China’s diplomatic double game

Nobody likes the unexpected. What was “sold” to Xi Jinping by Vladimir Putin on February 4 at the Winter Olympics in Beijing should have been just a “special military operation” legitimate few days in Ukraine. But three weeks after the Russian military invasion of Ukraine, Xi Jinping had time “to observe and learn”, to use the expression of China specialist Antoine Bondaz. And if China still publicly displays diplomatic support for Russia and defends peace negotiations, this posture is likely to change in the weeks to come.

“China’s position is becoming more and more unsustainable”, assures Valérie Niquet, China specialist at the Foundation for Strategic Research (FRS). “If Xi Jinping is going to continue to take up Russian propaganda by avoiding talking about war or conflict, she adds, he will still wait to see how the situation on the ground develops, but will not let go of Russia immediately. » In his eyes, if the Russian offensive had been crowned with success in a few days, “the Chinese military invasion of Taiwan would have been accelerated”.

In the meantime, China will continue to play this delicate balancing act between the defense of the sovereignty of States, a rapprochement with Moscow steeped in common hostility towards the United States and opposition to the sanctions decided by the West. It is in this unstable context that Washington wants to increase pressure on Beijing to prevent it from providing Moscow with economic, military or financial aid. “We have made it very clear to Beijing that we will not sit idly by. We will not let any country compensate for the losses suffered by Russia”a spokesman for the US State Department explained on Tuesday March 15.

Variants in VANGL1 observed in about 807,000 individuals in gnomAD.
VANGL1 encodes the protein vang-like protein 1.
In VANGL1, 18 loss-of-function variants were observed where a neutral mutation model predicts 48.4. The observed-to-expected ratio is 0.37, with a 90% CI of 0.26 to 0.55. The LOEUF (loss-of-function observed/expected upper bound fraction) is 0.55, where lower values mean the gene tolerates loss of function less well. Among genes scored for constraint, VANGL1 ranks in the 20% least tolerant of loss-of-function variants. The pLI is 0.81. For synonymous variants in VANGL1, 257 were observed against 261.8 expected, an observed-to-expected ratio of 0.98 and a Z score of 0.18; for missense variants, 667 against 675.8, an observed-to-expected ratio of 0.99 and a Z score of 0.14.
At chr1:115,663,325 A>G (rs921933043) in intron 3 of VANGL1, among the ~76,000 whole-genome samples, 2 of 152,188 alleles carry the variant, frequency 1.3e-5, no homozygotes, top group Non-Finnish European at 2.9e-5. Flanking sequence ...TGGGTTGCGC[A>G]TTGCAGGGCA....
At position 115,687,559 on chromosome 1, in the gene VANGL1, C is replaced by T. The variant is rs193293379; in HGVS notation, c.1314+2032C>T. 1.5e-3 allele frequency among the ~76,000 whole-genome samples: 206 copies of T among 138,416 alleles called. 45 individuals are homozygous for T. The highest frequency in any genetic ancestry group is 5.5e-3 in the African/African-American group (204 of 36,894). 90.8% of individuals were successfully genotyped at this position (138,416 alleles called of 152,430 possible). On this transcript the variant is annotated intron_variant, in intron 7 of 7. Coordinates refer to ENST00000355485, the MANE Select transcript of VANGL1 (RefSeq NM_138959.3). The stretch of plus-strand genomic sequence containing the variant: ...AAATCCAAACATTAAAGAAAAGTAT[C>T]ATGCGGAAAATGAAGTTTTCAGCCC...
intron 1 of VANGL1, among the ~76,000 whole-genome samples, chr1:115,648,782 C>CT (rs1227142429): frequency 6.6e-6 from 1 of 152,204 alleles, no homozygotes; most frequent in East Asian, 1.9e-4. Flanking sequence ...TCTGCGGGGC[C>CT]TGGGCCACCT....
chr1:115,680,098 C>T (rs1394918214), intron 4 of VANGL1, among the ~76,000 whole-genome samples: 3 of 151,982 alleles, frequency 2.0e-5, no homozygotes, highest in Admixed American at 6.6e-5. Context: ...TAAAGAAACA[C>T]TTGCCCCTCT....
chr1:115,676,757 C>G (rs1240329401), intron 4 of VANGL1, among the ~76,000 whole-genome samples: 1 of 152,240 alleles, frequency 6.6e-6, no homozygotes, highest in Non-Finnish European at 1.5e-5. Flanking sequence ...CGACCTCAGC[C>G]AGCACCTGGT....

In some academic circles in Beijing, scholars like Hu Wei of China’s State Council have called for “sever ties with Putin as soon as possible”. In a long article translated into English, he even goes so far as to say that “China does not have the means to support Russia” and that would not be “in his interest”. Seemingly marginal, this kind of reflection reflects a real concern within the Communist Party.

“China must not find itself isolated by the West, it must come out of its neutrality and get closer to Europe and the United States”, adds Hu Wei. Major economic partners for Beijing: 750 billion dollars with the United States and 600 billion with Europe. Against only 150 billion with Russia, of which 70% in energy contracts… Faced with these economic realities, the large “rock-solid Sino-Russian alliance” won’t resist.


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